Half Of England Is Owned By 1% Of The Population

image edited by F. Kaskais  by Tyler Durden Half of England is owned by less than 1% of its population, according to new data shared with the Guardian that seeks to penetrate the secrecy that has traditionally surrounded land ownership. The findings, described as “astonishingly unequal”, suggest that about 25,000 landowners – typically members of the aristocracy and corporations – have control of half of the country. The figures show that if the land were distributed evenly across the entire population, each person would have almost an acre – an area roughly the size of Parliament Square in central London. Major owners include the … Continue reading Half Of England Is Owned By 1% Of The Population

Scandinavia May Not Be the Happiest Place on Earth After All

Scandinavia is supposed to be home to some of the happiest people in the world, but new research suggests that may not be true, even with beautiful places like the fishing village of Hamnoy in Norway. (Kym Ellis/Unsplash) Narrow measure of well-being may not measure happiness as well as once thought BY SARAH STEWART-BROWN, VIBEKE JENNY KOUSHEDE AND ZIGGI IVAN SANTINI The Nordic countries are consistently ranked as the happiest countries in the world according to World Happiness Reports published since 2012. Because of this, other countries often look to them for guidance when it comes to nurturing the well-being of their people. However, in our … Continue reading Scandinavia May Not Be the Happiest Place on Earth After All

Why Britain’s rain can’t sustain its thirst

By Tim Smedley Despite its rainy reputation, the UK’s water reserves are seriously strained – and its insatiable demands are putting pressure on other countries too When it comes to water scarcity, the last place on Earth you’d think of is rain-soaked England. Winter here is cold and wet. It rains for what feels like weeks on end. Lawns squelch with saturated soil and garden water butts overflow, likely to be unused until April. The UK’s average annual rainfall is a sopping 1200mm, compared to the 300s in Afghanistan, or just double-figures in Egypt. In the South-East of England, the average annual … Continue reading Why Britain’s rain can’t sustain its thirst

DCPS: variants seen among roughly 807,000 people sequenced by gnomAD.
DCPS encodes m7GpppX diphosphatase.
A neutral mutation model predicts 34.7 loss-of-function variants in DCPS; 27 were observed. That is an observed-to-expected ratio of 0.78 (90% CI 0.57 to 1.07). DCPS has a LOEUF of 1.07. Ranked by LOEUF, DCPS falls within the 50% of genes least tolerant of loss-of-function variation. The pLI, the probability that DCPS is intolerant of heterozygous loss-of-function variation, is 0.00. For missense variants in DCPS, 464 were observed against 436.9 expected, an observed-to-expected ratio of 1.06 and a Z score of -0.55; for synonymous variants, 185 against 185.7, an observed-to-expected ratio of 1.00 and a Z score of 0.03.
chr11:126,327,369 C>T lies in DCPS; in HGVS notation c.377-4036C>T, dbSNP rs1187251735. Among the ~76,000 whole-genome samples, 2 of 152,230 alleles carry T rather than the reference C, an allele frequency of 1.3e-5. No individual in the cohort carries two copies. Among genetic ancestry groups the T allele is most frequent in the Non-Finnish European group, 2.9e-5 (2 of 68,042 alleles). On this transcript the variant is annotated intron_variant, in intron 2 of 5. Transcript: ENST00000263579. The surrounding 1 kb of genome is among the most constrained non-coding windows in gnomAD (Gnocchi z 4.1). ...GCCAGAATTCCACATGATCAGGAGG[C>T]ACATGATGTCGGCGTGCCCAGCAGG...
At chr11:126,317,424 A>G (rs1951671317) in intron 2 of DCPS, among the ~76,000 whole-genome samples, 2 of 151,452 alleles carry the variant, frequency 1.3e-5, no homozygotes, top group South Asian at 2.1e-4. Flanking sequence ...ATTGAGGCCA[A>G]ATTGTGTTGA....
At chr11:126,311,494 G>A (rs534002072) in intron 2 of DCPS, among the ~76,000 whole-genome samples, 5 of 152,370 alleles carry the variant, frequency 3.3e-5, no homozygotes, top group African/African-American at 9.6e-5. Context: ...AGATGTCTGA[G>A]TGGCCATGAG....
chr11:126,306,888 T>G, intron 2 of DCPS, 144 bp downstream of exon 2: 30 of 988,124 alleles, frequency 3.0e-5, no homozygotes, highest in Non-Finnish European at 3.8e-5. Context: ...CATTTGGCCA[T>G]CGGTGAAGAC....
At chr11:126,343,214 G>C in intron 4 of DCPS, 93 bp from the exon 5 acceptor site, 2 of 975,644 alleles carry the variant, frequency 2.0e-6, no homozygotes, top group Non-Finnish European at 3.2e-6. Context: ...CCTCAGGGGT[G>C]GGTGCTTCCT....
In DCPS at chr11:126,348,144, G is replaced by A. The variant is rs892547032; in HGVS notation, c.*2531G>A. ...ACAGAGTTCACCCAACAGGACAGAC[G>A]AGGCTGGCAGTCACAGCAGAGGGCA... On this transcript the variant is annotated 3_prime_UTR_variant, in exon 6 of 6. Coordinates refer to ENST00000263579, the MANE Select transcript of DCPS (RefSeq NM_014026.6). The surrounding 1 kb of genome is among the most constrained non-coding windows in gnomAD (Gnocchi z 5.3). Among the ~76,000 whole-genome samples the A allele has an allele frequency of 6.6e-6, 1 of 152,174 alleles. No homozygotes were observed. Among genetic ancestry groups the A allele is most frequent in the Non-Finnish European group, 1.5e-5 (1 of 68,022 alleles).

Philosophy must be useful

Frank Ramsey, pictured in 1925 above Buttermere Lake in England’s Lake District. Photograph by Lettice Ramsey. With thanks to Stephen Burch For Wittgenstein and the Vienna Circle, much of philosophy was mere nonsense. Then came Frank Ramsey’s pragmatic alternative by Cheryl Misak is professor of philosophy at the University of Toronto. She is the author of Cambridge Pragmatism: From Peirce and James to Ramsey and Wittgenstein (2016). Her biography of Frank Ramsey (Frank Ramsey: A Sheer Excess of Powers) will be published by Oxford University Press in 2019. Edited by Sam Dresser Vienna in the 1920s was an exciting place. Politically, it was the time of … Continue reading Philosophy must be useful

The Ku Klux Klan Is Growing—in Germany

Everett Historical via Shutterstock Nazi membership is outlawed, but not its racist American cousin. by Kelly Weill, Josephine Huetlin They have white hoods, Ku Klux Klan badges, and stockpiles of weapons. But these Klansmen aren’t in America—they’re in Germany, where a new wave of far-right extremism is taking cues from the U.S. Police in eight German states led raids last week on suspected members of a group called the National Socialist Knights of the Ku Klux Klan Deutschland, a name that glorifies both the American Klan and the Nazi party of Germany’s past. The raid, which reportedly turned up more … Continue reading The Ku Klux Klan Is Growing—in Germany

Harsh Nazi Parenting Guidelines May Still Affect German Children of Today

A German family poses for a portrait, 1937. Credit: Getty Images The Nazi regime urged German mothers to ignore their toddlers’ emotional needs—the better to raise hardened soldiers and followers. Attachment researchers say that the harmful effects of that teaching may be affecting later generations By Anne Kratzer on January 4, 2019 IN BRIEF In 1934 physician Johanna Haarer published The German Mother and Her First Child. Her advice guided child-rearing in the Third Reich. It ultimately sold some 1.2 million copies, almost half of them after the end of the war. In that book, Haarer recommended that children be raised with as few … Continue reading Harsh Nazi Parenting Guidelines May Still Affect German Children of Today

Britain’s so soppy we can’t even fight off a toy helicopter

image edited by Fernando Kaskais By PETER HITCHENS FOR THE MAIL ON SUNDAY One of the things I most enjoyed about living in Russia was the absence of prissy health and safety. The doors on the Moscow metro slammed shut with a vicious crash, after a single warning, and if you were caught in them, too bad. No pathetic reopening of the doors. So nobody ever was caught in them, and trains ran fast and frequently. On ferociously freezing days when any Western airline would have given up, Russian internal flights took off without hesitation, and arrived on time. This is nothing to … Continue reading Britain’s so soppy we can’t even fight off a toy helicopter